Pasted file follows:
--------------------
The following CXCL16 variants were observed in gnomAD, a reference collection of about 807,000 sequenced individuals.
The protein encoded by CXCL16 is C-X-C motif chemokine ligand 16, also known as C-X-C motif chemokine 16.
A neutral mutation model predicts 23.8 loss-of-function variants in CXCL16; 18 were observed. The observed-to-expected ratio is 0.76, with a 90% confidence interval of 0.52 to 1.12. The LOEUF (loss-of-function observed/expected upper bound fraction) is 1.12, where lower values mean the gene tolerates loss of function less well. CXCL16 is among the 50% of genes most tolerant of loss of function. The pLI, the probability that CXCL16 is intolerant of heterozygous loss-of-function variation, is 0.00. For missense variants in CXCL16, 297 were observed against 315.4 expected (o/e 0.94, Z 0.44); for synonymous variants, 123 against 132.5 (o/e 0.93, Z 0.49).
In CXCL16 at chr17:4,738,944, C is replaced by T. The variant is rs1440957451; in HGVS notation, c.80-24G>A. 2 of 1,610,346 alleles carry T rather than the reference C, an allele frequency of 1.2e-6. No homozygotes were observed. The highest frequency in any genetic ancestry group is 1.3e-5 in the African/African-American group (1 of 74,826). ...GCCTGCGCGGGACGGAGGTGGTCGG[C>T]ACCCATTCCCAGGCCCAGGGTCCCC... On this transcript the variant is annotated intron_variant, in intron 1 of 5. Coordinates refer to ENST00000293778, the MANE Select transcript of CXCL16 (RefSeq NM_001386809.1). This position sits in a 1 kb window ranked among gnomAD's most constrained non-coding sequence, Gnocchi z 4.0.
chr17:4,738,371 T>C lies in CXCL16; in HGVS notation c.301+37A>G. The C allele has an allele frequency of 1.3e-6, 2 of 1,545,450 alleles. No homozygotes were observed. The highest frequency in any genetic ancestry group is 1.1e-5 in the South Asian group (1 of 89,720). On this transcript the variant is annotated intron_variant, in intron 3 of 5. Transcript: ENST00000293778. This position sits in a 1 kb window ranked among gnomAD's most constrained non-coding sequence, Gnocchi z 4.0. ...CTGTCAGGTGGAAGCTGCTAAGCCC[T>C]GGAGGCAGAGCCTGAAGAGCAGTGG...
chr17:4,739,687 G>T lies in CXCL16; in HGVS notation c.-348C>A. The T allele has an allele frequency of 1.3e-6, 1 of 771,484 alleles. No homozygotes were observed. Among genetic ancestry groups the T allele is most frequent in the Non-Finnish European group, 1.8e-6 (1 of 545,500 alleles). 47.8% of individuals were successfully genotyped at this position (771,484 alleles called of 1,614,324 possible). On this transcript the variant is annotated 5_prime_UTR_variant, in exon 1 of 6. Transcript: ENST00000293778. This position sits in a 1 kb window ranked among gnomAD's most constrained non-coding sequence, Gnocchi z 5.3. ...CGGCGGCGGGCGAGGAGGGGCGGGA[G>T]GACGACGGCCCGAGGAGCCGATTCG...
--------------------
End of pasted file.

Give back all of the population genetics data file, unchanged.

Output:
The following CXCL16 variants were observed in gnomAD, a reference collection of about 807,000 sequenced individuals.
The protein encoded by CXCL16 is C-X-C motif chemokine ligand 16, also known as C-X-C motif chemokine 16.
A neutral mutation model predicts 23.8 loss-of-function variants in CXCL16; 18 were observed. The observed-to-expected ratio is 0.76, with a 90% confidence interval of 0.52 to 1.12. The LOEUF (loss-of-function observed/expected upper bound fraction) is 1.12, where lower values mean the gene tolerates loss of function less well. CXCL16 is among the 50% of genes most tolerant of loss of function. The pLI, the probability that CXCL16 is intolerant of heterozygous loss-of-function variation, is 0.00. For missense variants in CXCL16, 297 were observed against 315.4 expected (o/e 0.94, Z 0.44); for synonymous variants, 123 against 132.5 (o/e 0.93, Z 0.49).
In CXCL16 at chr17:4,738,944, C is replaced by T. The variant is rs1440957451; in HGVS notation, c.80-24G>A. 2 of 1,610,346 alleles carry T rather than the reference C, an allele frequency of 1.2e-6. No homozygotes were observed. The highest frequency in any genetic ancestry group is 1.3e-5 in the African/African-American group (1 of 74,826). ...GCCTGCGCGGGACGGAGGTGGTCGG[C>T]ACCCATTCCCAGGCCCAGGGTCCCC... On this transcript the variant is annotated intron_variant, in intron 1 of 5. Coordinates refer to ENST00000293778, the MANE Select transcript of CXCL16 (RefSeq NM_001386809.1). This position sits in a 1 kb window ranked among gnomAD's most constrained non-coding sequence, Gnocchi z 4.0.
chr17:4,738,371 T>C lies in CXCL16; in HGVS notation c.301+37A>G. The C allele has an allele frequency of 1.3e-6, 2 of 1,545,450 alleles. No homozygotes were observed. The highest frequency in any genetic ancestry group is 1.1e-5 in the South Asian group (1 of 89,720). On this transcript the variant is annotated intron_variant, in intron 3 of 5. Transcript: ENST00000293778. This position sits in a 1 kb window ranked among gnomAD's most constrained non-coding sequence, Gnocchi z 4.0. ...CTGTCAGGTGGAAGCTGCTAAGCCC[T>C]GGAGGCAGAGCCTGAAGAGCAGTGG...
chr17:4,739,687 G>T lies in CXCL16; in HGVS notation c.-348C>A. The T allele has an allele frequency of 1.3e-6, 1 of 771,484 alleles. No homozygotes were observed. Among genetic ancestry groups the T allele is most frequent in the Non-Finnish European group, 1.8e-6 (1 of 545,500 alleles). 47.8% of individuals were successfully genotyped at this position (771,484 alleles called of 1,614,324 possible). On this transcript the variant is annotated 5_prime_UTR_variant, in exon 1 of 6. Transcript: ENST00000293778. This position sits in a 1 kb window ranked among gnomAD's most constrained non-coding sequence, Gnocchi z 5.3. ...CGGCGGCGGGCGAGGAGGGGCGGGA[G>T]GACGACGGCCCGAGGAGCCGATTCG...